The country has been shopping for 126 fighter jets and in April the US, Russia and Sweden fell out of the race to sell. After Obama's visit to India in 2010, his country had been very hopeful of securing the deal.
Left in the running now are the Eurofighter Typhoon Consortium and France's Dassault, the maker of Rafale aircraft. The previous offer of $11bn has been revised up to $20bn making it the largest defence deal by a single country anywhere in the world - which is why it is making headlines. India claims that the earlier figure was based on 2007 calculations, which begs the question, why was it so?
Oh, and hello Claudio! One of my favourite newsroom editors is now on an AJE posting to Rome! I miss you in London!
Posted by Rani Singh at 00:23
Thursday, 10 November 2011
Read the write up in this issue of the Asian Voice, and check out the photos. Asian Business Publications Ltd, courtesy of Publisher/Editor CB Patel and Associate Editor Rupanjana Dutta, had pulled out all the stops for ABPL's very first literary lunch. By the way, the Indian High Commission's Press Attache, Sanjay Bihani, found the book "very detailed!" He liked it, he told me.
Posted by Rani Singh at 00:37
Tuesday, 1 November 2011
Former CNN consultant and President Indian Journalists Association Ashis Ray confirmed for panel to discuss "Sonia Gandhi"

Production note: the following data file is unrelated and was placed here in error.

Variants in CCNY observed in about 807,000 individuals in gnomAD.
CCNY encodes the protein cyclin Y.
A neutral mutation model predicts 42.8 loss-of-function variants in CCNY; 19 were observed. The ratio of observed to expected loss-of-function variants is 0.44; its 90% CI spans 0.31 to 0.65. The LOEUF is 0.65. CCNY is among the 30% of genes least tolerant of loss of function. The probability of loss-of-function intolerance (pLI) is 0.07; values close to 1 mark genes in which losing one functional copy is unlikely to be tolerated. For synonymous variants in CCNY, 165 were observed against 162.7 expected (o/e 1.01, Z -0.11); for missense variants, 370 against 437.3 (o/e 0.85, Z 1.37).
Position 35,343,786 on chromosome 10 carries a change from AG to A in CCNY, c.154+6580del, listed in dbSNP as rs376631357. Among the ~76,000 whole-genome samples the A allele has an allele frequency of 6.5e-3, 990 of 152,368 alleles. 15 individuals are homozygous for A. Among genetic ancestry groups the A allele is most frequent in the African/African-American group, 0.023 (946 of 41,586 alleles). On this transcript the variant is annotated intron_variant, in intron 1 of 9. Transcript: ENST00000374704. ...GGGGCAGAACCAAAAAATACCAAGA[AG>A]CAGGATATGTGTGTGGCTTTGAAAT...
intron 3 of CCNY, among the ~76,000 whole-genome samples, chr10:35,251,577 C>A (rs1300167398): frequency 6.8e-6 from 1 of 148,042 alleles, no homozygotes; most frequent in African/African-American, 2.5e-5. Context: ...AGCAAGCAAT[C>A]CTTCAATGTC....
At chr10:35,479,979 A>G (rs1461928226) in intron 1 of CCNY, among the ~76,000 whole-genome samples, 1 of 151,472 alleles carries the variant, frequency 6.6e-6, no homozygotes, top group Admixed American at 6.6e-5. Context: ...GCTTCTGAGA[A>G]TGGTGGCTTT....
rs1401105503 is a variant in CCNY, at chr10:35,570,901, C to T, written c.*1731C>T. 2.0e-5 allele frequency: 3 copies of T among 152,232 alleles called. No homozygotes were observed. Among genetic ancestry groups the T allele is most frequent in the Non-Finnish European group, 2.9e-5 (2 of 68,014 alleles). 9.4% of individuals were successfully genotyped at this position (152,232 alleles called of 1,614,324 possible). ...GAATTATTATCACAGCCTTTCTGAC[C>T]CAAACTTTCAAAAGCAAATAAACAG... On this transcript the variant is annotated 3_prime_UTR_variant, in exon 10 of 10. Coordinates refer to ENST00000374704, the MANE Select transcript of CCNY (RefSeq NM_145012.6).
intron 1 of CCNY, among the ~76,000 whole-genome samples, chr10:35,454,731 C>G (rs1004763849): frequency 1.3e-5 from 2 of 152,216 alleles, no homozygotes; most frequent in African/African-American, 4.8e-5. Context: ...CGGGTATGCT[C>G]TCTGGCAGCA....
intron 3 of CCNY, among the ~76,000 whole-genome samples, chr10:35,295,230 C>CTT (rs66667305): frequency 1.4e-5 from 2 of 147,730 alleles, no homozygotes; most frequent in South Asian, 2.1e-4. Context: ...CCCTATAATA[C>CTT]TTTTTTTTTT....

It is getting close now and most of my guests have confirmed for the Asian Voice lunch and panel discussion Thursday November 3rd 2011. Lord Dholakia, member of the Privy Council, has been in Australia for the Queen's visit there but is back in the UK tomorrow Wednesday one day before the event and Ashis Ray, top journalist and broadcaster who feared that he might be needed to go to Cannes for the G20 summit, can now join the panel. He has personal experience of the Nehru- Gandhi family so will reveal his observations exclusively for us. My associates who are interested and may be involved in other events down the line are joining us in the audience. I look forward to this unique occasion- CB Patel and the Asian Voice host such events rarely, according to Asian Voice Associate Editor Rupanjana Dutta - so I am honoured and humbled.
Posted by Rani Singh at 11:39